Tuesday, July 17, 2012

Through the Portico

You would think that by now I’d be tired of visiting museums. In the past two and a half weeks we’ve stopped and meandered through at least five or six. However whether it be ancient artifacts or priceless works of art I seriously cannot get enough!

At first it hadn’t occurred to me that the National Gallery was home to one of the largest collections of European Art. Although mentioned countless of times in my introductory Art History courses it hadn’t fully clicked until we made our way into the first gallery. Exhibiting some of the world’s most renowned oil paintings from the 16th century this collection of rooms held nearly all the paintings discussed in class. I can’t emphasize enough how much of a difference there is between seeing it in a book/ studying it’s basic information and experiencing it in real life.  For instance one of my long time favorite oil paintings has been Francois-Hubert Drouais’ Madame de Pompadour at her Tambour Frame. To my surprise I found it hanging in one of the galleries. Larger than I remembered and much more detailed than the photo in my Art History Book. I can’t shake the detail of the lace in her dress.

John Berger discusses this phenomenon in his novel Ways of Seeing (1973).  He argues that after the invention of the camera in the 1800’s the way people viewed oil paintings could be distorted. With the ability to easily reproduce mass quantities of these images they in turn become more accessible to the general public. Berger states, “The painting now travels to the spectator rather than the spectator to the painting.”(20) With this comes a series of new perspectives. People are now able to cut, copy and play with these reproductions and in turn change the original message intended by the artist. Even if the image is not intentionally distorted just a change in the area in which it is viewed Berger argues (i.e. from museum to living room) can also alter its meaning.  Through reproduction oil paintings have now become the commodities they used to depict. In the early days of oil painting up until Seurat and Picasso changed traditional standards with Impressionist work, a lot of their work depicted sitters with prized possessions.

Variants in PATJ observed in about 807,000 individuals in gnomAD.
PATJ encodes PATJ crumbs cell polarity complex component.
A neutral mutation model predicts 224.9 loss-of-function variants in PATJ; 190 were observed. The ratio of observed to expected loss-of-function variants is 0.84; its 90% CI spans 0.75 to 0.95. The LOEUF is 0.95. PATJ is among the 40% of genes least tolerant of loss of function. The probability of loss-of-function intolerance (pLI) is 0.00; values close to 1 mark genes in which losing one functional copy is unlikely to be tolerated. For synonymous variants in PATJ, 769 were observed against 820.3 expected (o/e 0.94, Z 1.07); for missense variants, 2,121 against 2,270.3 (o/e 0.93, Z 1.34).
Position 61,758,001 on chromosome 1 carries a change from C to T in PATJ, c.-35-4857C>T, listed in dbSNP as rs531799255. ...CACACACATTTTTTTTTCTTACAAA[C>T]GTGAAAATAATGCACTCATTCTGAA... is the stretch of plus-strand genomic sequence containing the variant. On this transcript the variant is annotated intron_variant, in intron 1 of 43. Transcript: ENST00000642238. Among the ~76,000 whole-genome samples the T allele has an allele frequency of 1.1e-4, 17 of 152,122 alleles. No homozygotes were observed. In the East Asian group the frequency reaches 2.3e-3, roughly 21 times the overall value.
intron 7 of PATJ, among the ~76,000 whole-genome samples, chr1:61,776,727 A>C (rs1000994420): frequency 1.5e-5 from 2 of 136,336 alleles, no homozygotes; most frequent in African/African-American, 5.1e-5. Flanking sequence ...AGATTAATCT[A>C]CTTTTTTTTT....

Things, there has always been a constant desire to own and through these paintings, people were able to choose how they wanted to be seen.

Although Berger makes

To be cont…

Full title: Madame de Pompadour at her Tambour Frame
Artist: François-Hubert Drouais
Date made: 1763-4

A Berger Continuation…

Constantly aware of what the viewer makes of her, a woman depicted in 17th century oil paintings is defined by how the men surveying the piece will depict her. In a world were the male opinion is the only opinion a women even of higher social class, (actually some could argue especially ones in a higher social class) must constantly consider how others might judge her. Royal Mistress Marquise de Pompadour is no different. Unlike a large category of European paintings Louis XV mistress is not depicted nude. Dressed in highly fashionable clothes trimmed with delicate lace you can tell she cares a great deal about her outward appearance. Upon doing further research it’s known that she was a woman who cared and knew a great deal about fashion. Under constant scrutiny by her male peers Marquise de Pompadour wants to make it well known that she is an educated confident woman. Peering directly towards the viewer and surrounded by books held up by gold leaf furniture she is seen as she wants to appear, educated and well dressed.

No comments:

Post a Comment